The current economy and real estate market
Details of your loan
The type of loan you're applying for
The total amount of the loan
Your down payment
The location of the home
Your personal details
Your credit score and credit history
Any existing debt you have
Any existing assets you have
Employment and income history
While you can't do anything to change the economic factors that determine what your interest rate will, there are things you can do to improve your personal details. When it comes to the broader market, the inflation rates, strength of the economy, consumer spending, and employment numbers can all dictate what interest rates will look like from most lenders.
The personal factors are much more important if you want to take steps to improve your chances of obtaining a low interest rate when you apply for a mortgage. For one, your financial situation will display to lenders how risky it is to provide you with a loan. If you have an ample amount of savings as well as consistent income, you may be able to receive a low interest rate.
Another notable factor that substantially influences the interest rates you receive is your credit score. In fact, most types of mortgages have a minimum score that you must have if you want to be approved for a mortgage. Having a higher credit score should help you obtain a lower interest rate. If you want to obtain the lowest possible interest rate from your lender, make sure that you:
Have a low loan-to-value ratio
Have a low debt-to-income ratio
Make a down payment of 20% or higher
Have a credit score of at least 760
Steps You Can Take to Change Your Interest Rate
If you want to make sure that the interest rate for your mortgage is as low as possible, there are several steps you can take to effectively change your interest rate. As mentioned previously, there are many personal factors that help determine what type of credit score you'll receive. By improving these personal factors, you may qualify for a lower interest rate. It's also highly recommended that you compare different lenders to identify the lowest rate available.
Increase Your Down-Payment Amount
Among the most effective ways to reduce your interest rate is to increase your down payment. The down payment that you're expected to pay is the amount of upfront money you provide. When you make a down payment of 20%, this means that you have paid 20% of the total home price. As such, the lender only needs to cover 80% of the costs when providing you with a loan.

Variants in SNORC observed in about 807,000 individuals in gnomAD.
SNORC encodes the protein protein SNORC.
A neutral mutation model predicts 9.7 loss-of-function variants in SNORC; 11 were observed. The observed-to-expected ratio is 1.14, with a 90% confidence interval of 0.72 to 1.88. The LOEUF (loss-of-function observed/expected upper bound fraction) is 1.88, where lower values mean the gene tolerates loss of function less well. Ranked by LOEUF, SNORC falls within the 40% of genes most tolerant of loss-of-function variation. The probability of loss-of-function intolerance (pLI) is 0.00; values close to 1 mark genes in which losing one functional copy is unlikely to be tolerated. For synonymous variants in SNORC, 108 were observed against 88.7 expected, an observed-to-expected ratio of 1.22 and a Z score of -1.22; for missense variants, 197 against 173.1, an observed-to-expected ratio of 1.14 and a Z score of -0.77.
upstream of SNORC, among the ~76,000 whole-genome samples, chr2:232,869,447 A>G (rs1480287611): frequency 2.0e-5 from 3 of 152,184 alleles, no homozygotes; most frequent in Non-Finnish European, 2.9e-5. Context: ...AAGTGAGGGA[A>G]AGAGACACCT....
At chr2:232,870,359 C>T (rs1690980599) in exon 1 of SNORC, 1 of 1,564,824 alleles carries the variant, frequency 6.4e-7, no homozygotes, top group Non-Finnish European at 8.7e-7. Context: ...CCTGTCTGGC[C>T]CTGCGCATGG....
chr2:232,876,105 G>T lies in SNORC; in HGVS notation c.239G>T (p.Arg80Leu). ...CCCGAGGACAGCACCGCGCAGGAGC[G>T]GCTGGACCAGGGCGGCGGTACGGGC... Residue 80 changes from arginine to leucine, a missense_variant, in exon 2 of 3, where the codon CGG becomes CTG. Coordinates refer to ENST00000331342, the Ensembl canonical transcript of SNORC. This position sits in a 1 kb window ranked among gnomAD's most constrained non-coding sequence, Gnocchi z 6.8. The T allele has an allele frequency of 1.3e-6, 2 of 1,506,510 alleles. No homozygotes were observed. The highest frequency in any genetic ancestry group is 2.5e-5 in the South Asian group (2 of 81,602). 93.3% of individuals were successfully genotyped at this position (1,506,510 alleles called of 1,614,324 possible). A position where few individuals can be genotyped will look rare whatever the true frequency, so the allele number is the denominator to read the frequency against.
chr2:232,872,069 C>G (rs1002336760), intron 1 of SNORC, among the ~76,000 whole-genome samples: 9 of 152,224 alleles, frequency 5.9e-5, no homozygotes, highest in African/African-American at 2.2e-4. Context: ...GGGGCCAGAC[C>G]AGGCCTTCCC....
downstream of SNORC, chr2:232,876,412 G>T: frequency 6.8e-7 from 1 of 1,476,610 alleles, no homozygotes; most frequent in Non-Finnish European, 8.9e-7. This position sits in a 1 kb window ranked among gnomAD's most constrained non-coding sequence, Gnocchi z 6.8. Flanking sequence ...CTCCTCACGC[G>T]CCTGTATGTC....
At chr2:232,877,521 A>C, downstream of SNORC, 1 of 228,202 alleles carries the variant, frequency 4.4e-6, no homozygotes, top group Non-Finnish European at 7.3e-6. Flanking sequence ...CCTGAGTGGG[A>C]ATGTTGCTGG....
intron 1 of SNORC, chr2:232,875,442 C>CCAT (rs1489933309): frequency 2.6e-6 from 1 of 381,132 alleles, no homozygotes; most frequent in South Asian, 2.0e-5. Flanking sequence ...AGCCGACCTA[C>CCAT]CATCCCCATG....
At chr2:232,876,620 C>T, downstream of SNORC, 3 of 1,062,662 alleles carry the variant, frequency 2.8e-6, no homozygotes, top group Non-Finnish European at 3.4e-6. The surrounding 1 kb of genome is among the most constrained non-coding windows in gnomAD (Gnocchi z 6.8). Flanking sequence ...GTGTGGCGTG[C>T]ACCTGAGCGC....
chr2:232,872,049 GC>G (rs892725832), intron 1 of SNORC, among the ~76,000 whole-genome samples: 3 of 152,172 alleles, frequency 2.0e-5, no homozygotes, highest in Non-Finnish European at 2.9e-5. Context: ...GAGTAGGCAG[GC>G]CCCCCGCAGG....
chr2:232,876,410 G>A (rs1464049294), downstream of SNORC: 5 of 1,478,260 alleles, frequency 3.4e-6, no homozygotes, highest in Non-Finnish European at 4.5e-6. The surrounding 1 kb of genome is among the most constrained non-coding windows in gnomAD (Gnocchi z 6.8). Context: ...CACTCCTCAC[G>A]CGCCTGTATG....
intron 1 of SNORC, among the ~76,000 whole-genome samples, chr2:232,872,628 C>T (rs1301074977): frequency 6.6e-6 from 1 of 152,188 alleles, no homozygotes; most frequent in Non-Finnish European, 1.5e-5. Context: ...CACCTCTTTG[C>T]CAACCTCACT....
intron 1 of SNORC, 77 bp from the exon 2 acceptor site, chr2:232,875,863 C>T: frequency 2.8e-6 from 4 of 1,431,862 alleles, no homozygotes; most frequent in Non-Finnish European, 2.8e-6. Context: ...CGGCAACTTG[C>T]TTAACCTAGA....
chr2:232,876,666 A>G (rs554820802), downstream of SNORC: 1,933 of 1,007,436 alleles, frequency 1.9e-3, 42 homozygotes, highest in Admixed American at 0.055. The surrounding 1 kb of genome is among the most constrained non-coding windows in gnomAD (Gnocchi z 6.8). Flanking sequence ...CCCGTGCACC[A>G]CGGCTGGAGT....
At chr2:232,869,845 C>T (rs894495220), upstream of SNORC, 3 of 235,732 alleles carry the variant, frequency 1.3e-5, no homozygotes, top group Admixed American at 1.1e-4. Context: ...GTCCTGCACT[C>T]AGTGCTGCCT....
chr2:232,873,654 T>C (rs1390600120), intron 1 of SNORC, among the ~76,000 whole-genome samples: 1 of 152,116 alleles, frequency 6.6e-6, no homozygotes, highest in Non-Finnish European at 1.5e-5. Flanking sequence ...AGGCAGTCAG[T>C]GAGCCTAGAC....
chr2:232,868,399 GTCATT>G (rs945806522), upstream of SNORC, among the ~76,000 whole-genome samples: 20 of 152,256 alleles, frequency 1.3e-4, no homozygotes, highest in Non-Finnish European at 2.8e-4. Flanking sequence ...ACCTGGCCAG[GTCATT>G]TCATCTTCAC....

If you lessen the amount of money that the lender needs to borrow, this will essentially reduce the lender's risk of providing you with a loan. Lower risk equates to a lower interest rate. You'll likely notice that most lenders have a minimum down-payment amount that they will accept. While you can obtain a mortgage by paying the minimum down payment, your interest rate will likely be high, which you should take into account.
Buy Discount Points
Another great method for reducing your interest rate is by purchasing discount points, which are designed specifically for lowering interest rates. Purchasing a single point allows you to reduce your interest rate by around 0.25%. In most cases, lenders allow borrowers to purchase as many as four discount points at the beginning of the process. Keep in mind that each discount point usually costs 1% of the loan amount. If you're purchasing a $300,000 home, one discount point will cost $3,000.
Improve Your Credit Score
Finally, you should look into improving your credit score if you want your interest rate to be lower. A high credit score indicates to the lender that you have a strong history of making payment on time. If your credit score is too low, lenders may believe that you're at risk of defaulting on the loan. While many prospective homeowners believe that it's too difficult to improve their credit scores, the truth is that there are many small things you can do to quickly increase your score. If you have any outstanding debts or missed payments, start paying these debts off now.
When your debts decrease, your score will go up. If you use a credit card, try to keep your credit card utilization to less than 30% each month. If you have a credit limit of $12,000 per month, you should spend less than $3,600 per month on the card. It's also important to pay at least the minimum balance each month to avoid a decrease in your credit score. By making these small changes, you should soon start to notice your credit score increasing, which will help you receive a lower interest rate.
Interest rates determine how much you end up paying over the course of your loan. Even if the current quotes you've received indicate that your interest rate will be relatively high, the steps mentioned above can help you improve your financial situation and obtain an interest rate that's more reasonable.